The core of the nave is medieval but has been almost entirely rebuilt in 1884-5 and cannot be closely dated; an elevation drawing accompanied the Faculty application of 1884 and shows the south wall as pierced by 2 windows, of 2 cusped lights within square surrounds, of general 16th century form (NLW, SD/F/519). The plain, 2 centred door occupied the same location as the present south door and may too have been medieval. The north aisle was entirely rebuilt in 1884-5 but replaced a medieval aisle, of the same dimensions; the Faculty plan shows window splays in the aisle west half that may be medieval (NLW, SD/F/519), while in 1883 the north wall was described as retaining ‘one of the small loop windows’ (Anon, 1883, 340) and a niche ‘for an image’ was observed between two of the arches. A further window had been blocked (NLW, SD/F/519). It appears then that the medieval church comprised tower, nave and north aisle, and was extended eastward in 1725.

The chancel and north chapel, in their present form, are almost entirely 1884-5 (ibid.) but they replaced components apparently built in 1725, as suggested by the datestone formerly over the south door (ibid.; Anon, 1883, 340); the earliest pictorial source is the tithe map of 1839 (NLW, New Moat, tithe map, 1839) by which time they were already present. The implication is then that the Jacobean monument was removed from its original location. Whilst this may appear unlikely, the traditional name for the chancel is the Scourfield Chapel (Anon, 1883, 340) and it is probable that the construction of the chancel was funded by that family – the patrons of the benefice – as their mausoleum.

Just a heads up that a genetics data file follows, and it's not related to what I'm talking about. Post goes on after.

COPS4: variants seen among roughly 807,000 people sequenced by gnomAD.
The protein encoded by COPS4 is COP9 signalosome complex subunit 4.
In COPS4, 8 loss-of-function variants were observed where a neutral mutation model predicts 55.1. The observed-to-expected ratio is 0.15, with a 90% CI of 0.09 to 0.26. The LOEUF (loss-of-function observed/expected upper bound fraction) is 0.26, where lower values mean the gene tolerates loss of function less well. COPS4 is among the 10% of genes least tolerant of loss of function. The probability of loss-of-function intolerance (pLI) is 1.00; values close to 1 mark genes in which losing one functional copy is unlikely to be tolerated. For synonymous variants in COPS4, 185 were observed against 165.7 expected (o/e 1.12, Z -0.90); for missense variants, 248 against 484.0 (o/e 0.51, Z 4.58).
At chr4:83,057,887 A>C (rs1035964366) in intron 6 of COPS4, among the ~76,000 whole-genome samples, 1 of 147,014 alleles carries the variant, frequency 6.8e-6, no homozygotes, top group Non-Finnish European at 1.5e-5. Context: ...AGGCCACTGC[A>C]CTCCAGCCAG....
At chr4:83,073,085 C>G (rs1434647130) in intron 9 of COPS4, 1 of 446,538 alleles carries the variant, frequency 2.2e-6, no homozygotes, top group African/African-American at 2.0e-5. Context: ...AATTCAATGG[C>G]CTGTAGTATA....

The north aisle and chapel were, in 1725, continuous. Both chancel and aisle exhibit a low, plain external offset; it is not known whether this represents the 1725 fabric or is part of the 1884-5 rebuild. The east half of the aisle (the present north chapel) lies over a crypt or vault, with a memorial dated 1722. Until 1884 this was reached by an internal stair (NLW, SD/F/519). The Faculty elevation shows single light ‘Georgian’ sash windows in the chancel south wall; similar windows occupied the aisle while the east window was 3-light with stone mullions (ibid.), possibly 16th century as in the nave. A baptistery, semicircular in plan with a lean-to roof and an entry in its north wall, lay in the angle between the nave north wall and the aisle west wall in 1884 (ibid.); it was probably also of 1725, but removed in 1884-5. The floors were boarded, with flagged passages (ibid.). Prior to 1884 there was a west gallery in the nave, which also featured box pews, and open seats in the aisle (ibid.).